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A one-step route to bioplastic monomers

By Tetsuo Satoh |

Aerobic oxidation of a biomass-derived substrate [5-(hydroxymethyl)furfural; HMF] in methanol and ethylene glycol produces monomers MFDC — the methyl ester of furan-2,5-dicarboxylic acid (FDCA) — and HEFDC — the ethylene glycol ester of FDCA. These monomers are recognized as crucial for the manufacture of polyethylene furanoate (PEF) — a promising 100% renewables-based polymer that can replace polyethylene terephthalate (PET). However, MFDC production has so far been exclusively studied for dilute HMF solutions, and more desirable routes for the production of HEFDC is currently impractical because a high-yield of the monomer cannot be produced efficiently.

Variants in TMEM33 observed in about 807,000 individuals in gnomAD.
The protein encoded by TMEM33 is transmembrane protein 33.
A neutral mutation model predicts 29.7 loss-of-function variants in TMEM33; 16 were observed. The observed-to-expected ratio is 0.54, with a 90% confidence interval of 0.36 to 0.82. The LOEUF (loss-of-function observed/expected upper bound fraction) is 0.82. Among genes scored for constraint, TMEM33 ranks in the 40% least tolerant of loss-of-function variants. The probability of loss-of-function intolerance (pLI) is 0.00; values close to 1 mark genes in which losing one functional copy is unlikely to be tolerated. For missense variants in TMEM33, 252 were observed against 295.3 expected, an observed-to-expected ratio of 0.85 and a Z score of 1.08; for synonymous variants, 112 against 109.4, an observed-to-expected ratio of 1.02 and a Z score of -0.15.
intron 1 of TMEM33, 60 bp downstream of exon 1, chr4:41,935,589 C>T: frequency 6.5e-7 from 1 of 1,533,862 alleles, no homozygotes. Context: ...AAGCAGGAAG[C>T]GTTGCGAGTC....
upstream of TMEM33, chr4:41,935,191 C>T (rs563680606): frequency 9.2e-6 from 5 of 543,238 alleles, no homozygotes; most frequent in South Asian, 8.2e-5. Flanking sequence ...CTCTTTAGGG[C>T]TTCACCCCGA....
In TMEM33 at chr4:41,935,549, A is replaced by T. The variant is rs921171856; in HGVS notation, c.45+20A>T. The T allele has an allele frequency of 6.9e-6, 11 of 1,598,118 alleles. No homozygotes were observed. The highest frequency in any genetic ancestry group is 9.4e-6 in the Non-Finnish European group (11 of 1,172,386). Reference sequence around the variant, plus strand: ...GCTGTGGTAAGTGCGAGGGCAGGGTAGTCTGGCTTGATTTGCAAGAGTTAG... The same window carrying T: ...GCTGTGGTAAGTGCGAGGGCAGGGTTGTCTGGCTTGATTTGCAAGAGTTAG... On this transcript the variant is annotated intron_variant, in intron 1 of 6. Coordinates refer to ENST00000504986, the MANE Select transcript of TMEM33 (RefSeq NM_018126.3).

Now, the two monomers can be produced by a one-step, energy-efficient process developed by the research teams of Kiyotaka Naakajima at Hokkaido University (Hokkaido, Japan; www.global.hokudai.ac.jp) and Emiel Hensen of Eindhoven University of Technology (the Netherlands). The researchers previously developed a stable compound called HMF-acetal, and have now shown that 80–95% of HMF-acetal in a concentrated (10–20 wt.%) solution can be efficiently converted to MFDC and HEFDC with a gold nanoparticle catalyst. The researchers note that this method has fewer reaction steps and requires less energy than conventional processes.

This study was conducted jointly with Mitsubishi Chemical Corp. (Tokyo) and findings were published in the journal ACS Catalysis.

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